I am so excited to write this post! I’m always on the hunt for new books to share at storytime, especially babytime. This post includes old books and new books, but they’ve all served me well in a baby storytime setting. Make sure to check out the other posts in our baby storytime series too:
- Welcoming Activities
- Favourite Fingerplays and Tickles
- Favourite Lap Bounces
- Focus on Newborns
- Favourite Dancing Songs
- Using Scarves and Egg Shakers with Babies
- Using a Parachute with Babies
- Putting it All Together: A Baby Storytime Program
It is completely possible to do a baby storytime without reading a single book. But I like to read one book at each session as a way to promote the library’s collection, model to caregivers dialogic reading, and talk to caregivers about how to choose books for babies. The Canadian Children’s Book Centre and Zero to Three have great talking points to share with caregivers that can help them feel confident and comfortable selecting books and reading to their babies. Now on to the books!
1. A Book of Babies by Il Sung Na
I’m in love with everything Il Sung Na writes and illustrates. This book has big, bright illustrations of animal babies with short descriptive sentences. The illustrations have a touch of humour and provide ample opportunities to model asking questions and talking about what we see.
This book made my 2014 Favourite Storytime Picture Books list and it’s still a babytime favourite. When I read this book I encourage caregivers to mimic the mama elephant, and we talk about using books as part of a bedtime routine.
If you loved O’Connell’s book, Baby Parade, then you have to get this new release! When I read it in storytime we practiced the skill of clapping. I love that it includes a diverse cast of babies and is filled with different shapes. In addition to clapping you can encourage caregivers to draw the shapes on baby’s hands.
4. Bunny Roo, I Love You by Melissa Marr; illustrated by Teagan White
I learned about this book from my colleague Jane, and her assessment is spot on. The illustrations are gorgeous, and when I used this book in babytime we made the animal noises featured on each page as a way to make it interactive. I love sharing books that help caregivers develop a loving relationship with baby, and this one hits the mark.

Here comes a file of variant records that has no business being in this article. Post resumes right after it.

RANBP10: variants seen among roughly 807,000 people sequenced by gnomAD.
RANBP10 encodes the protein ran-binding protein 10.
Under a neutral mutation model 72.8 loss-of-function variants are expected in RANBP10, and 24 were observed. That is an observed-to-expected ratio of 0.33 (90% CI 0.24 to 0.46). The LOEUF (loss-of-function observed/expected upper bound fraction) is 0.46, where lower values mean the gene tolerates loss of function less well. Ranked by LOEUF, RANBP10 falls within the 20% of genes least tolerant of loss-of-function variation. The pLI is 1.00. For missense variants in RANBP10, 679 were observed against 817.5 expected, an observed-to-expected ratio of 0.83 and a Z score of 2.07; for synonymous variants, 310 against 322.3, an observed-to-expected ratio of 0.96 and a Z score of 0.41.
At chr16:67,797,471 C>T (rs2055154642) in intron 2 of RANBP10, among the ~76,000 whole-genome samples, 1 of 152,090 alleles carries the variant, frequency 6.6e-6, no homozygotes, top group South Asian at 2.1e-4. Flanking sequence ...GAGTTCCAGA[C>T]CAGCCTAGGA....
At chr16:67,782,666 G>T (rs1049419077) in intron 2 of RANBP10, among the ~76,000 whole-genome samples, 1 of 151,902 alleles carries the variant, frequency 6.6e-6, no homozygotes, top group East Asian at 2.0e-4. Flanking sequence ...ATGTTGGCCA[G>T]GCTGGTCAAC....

5. Clip Clop by Nicola Smee
This book is traditionally used in a toddler or preschool storytime, but I simply ask caregivers to plop baby on their lap and we clip clop away. Babies get to experience bouncing while we say the refrain together, and they can be dipped to the side when the animals fall off. It’s a great way to show caregivers how to adapt picture books to meet their baby’s developmental stage.
6. Everything by Emma Dodd
This book is a bit small, so I would recommend it for small groups. It starts with the premise, “which part do I love the best?” and precedes to go through different body parts. A great chance for caregivers to identify the parts of baby’s face. It’s told in sweet rhyming sentences that flow beautifully.
7. Faster! Faster! by Leslie Patricelli
An old standby for me. Because there’s basically only one word in this book, caregivers can read it with you. We practice bouncing babies very slowly, and then faster and faster as we read. I love when caregivers realize the different animals are actually the dad – always a delight!
8. Fiesta Babies by Carmen Tafolla; illustrated by Amy Cordova
I wish this book were bigger, but it still doesn’t stop me from sharing it in babytime. The rhythm of the text mimics a fiesta and I chant the words rather than say them. A beautiful introduction to Latino culture that encourages singing, dancing, and celebration.
9. From Head to Toe by Eric Carle
It’s Eric Carle at his best. Repetition, movement, and bright, colourful pictures. When I read the refrain, “Can you?” I ask caregivers to help their baby make the actions in the book. A great introduction to the “I can do it!” attitude their babies will soon sport as toddlers.